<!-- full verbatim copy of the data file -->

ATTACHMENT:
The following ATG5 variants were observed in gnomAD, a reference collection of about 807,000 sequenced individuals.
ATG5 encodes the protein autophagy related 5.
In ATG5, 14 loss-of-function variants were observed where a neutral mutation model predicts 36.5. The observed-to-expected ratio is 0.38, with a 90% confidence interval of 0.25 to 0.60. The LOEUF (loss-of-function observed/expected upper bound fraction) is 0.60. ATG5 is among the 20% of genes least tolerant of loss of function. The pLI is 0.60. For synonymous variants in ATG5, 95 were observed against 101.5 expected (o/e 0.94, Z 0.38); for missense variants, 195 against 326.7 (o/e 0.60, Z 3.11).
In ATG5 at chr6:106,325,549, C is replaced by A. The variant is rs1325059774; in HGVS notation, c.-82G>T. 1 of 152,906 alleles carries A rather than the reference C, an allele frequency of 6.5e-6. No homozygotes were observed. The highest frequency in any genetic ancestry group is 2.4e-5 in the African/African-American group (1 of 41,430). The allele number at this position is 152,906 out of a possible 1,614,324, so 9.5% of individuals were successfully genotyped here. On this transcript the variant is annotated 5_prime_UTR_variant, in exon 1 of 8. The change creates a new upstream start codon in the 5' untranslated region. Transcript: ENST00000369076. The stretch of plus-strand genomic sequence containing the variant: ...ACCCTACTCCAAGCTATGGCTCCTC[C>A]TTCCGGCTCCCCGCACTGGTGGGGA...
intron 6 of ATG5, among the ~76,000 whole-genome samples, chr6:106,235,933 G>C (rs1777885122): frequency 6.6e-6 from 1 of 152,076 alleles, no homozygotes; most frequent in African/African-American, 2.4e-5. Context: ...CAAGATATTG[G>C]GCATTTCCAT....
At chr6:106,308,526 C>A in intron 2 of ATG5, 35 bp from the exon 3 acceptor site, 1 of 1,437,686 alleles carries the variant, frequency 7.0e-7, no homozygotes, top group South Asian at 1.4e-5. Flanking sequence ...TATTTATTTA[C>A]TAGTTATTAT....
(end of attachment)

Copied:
The following ATG5 variants were observed in gnomAD, a reference collection of about 807,000 sequenced individuals.
ATG5 encodes the protein autophagy related 5.
In ATG5, 14 loss-of-function variants were observed where a neutral mutation model predicts 36.5. The observed-to-expected ratio is 0.38, with a 90% confidence interval of 0.25 to 0.60. The LOEUF (loss-of-function observed/expected upper bound fraction) is 0.60. ATG5 is among the 20% of genes least tolerant of loss of function. The pLI is 0.60. For synonymous variants in ATG5, 95 were observed against 101.5 expected (o/e 0.94, Z 0.38); for missense variants, 195 against 326.7 (o/e 0.60, Z 3.11).
In ATG5 at chr6:106,325,549, C is replaced by A. The variant is rs1325059774; in HGVS notation, c.-82G>T. 1 of 152,906 alleles carries A rather than the reference C, an allele frequency of 6.5e-6. No homozygotes were observed. The highest frequency in any genetic ancestry group is 2.4e-5 in the African/African-American group (1 of 41,430). The allele number at this position is 152,906 out of a possible 1,614,324, so 9.5% of individuals were successfully genotyped here. On this transcript the variant is annotated 5_prime_UTR_variant, in exon 1 of 8. The change creates a new upstream start codon in the 5' untranslated region. Transcript: ENST00000369076. The stretch of plus-strand genomic sequence containing the variant: ...ACCCTACTCCAAGCTATGGCTCCTC[C>A]TTCCGGCTCCCCGCACTGGTGGGGA...
intron 6 of ATG5, among the ~76,000 whole-genome samples, chr6:106,235,933 G>C (rs1777885122): frequency 6.6e-6 from 1 of 152,076 alleles, no homozygotes; most frequent in African/African-American, 2.4e-5. Context: ...CAAGATATTG[G>C]GCATTTCCAT....
At chr6:106,308,526 C>A in intron 2 of ATG5, 35 bp from the exon 3 acceptor site, 1 of 1,437,686 alleles carries the variant, frequency 7.0e-7, no homozygotes, top group South Asian at 1.4e-5. Flanking sequence ...TATTTATTTA[C>A]TAGTTATTAT....